The Coca-Cola Co. and its bottling partners have committed to using hydrofluorocarbon-free (HFC-free) technology for new vending machines and coolers by 2015, according to a press release. The change comes after years of persuading by Greenpeace.
Coke says that the scale of its announcement will help accelerate an industry wide transition to HFC-free refrigeration equipment. HFCs have been shown to affect the ozone layer.
In 2010, Coke and its bottling partners will purchase at least 150,000 HFC-free units. By 2012, at least half of all new coolers and vending machines purchased by Coke will be HFC-free, before reaching the 100 percent threshold in 2015.
Coke and its bottling partners have about 10 million coolers and vending machines in place globally. HFC-free refrigeration equipment emits 99 percent fewer greenhouse gases.
Over the life of the new equipment, the carbon emissions reduction will total more than 52 million metric tons.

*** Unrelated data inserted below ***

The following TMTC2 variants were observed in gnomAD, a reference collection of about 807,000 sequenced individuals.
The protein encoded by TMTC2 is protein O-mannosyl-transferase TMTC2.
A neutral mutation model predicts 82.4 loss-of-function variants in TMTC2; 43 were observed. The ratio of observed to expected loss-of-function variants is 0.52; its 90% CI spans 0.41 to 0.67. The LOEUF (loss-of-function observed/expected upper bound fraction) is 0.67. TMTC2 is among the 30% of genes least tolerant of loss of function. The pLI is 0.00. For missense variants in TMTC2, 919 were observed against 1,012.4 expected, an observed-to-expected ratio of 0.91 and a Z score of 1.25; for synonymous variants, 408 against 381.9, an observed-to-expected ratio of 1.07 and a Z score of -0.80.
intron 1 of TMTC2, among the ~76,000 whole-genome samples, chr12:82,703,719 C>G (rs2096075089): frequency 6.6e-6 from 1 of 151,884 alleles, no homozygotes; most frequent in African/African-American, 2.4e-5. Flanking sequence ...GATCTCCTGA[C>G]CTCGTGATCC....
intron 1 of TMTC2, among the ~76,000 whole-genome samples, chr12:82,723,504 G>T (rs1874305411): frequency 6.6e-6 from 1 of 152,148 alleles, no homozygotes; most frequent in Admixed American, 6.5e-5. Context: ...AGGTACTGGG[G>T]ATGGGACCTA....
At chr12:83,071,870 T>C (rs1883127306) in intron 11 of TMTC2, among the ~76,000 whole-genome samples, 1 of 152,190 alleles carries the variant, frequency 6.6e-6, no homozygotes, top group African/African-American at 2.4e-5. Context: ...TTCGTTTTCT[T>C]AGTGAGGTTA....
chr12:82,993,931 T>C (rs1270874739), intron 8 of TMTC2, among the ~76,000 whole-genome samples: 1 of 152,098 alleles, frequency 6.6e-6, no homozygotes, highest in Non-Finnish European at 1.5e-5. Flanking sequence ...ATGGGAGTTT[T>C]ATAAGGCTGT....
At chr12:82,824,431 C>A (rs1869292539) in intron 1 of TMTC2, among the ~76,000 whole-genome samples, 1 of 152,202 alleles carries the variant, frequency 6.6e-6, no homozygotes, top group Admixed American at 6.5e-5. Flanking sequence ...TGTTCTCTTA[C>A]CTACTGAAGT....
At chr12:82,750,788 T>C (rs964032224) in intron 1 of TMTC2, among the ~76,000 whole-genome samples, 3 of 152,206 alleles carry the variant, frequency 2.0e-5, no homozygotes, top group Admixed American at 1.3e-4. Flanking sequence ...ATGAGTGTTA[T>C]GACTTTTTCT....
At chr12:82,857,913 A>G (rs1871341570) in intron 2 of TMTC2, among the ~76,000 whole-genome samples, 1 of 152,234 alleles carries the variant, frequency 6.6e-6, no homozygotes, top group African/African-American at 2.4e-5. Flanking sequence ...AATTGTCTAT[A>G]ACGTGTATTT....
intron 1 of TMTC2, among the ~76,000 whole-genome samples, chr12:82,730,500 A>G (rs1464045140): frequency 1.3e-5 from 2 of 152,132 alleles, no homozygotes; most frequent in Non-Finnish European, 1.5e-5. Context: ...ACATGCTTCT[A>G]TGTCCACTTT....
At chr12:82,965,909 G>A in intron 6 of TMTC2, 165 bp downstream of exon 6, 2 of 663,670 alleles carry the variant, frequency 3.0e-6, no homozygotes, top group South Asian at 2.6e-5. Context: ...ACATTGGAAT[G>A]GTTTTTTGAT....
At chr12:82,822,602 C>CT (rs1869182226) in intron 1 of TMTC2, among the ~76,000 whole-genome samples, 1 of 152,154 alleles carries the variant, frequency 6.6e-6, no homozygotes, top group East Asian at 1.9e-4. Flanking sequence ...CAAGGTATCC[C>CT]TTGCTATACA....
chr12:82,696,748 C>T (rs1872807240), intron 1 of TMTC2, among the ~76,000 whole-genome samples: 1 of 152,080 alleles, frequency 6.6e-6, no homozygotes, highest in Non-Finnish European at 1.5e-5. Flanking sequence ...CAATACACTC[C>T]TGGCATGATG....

Coke said that as a result of its new commitment, a major cooler supplier plans to build a dedicated CO2 compressor production facility. CO2 as a refrigerant is 1,420 times less damaging to the climate than typical HFCs, Coke said.
Before the 2000 Sydney Olympics, Greenpeace challenged Coke to go HFC-free in all equipment used in conjunction with the games. By the 2006 Olympics, Coke had met that goal.
Recently, Coca-Cola began the global rollout of its PlantBottle.
Coke also plans to build 15 energy efficient bottling plants in Europe.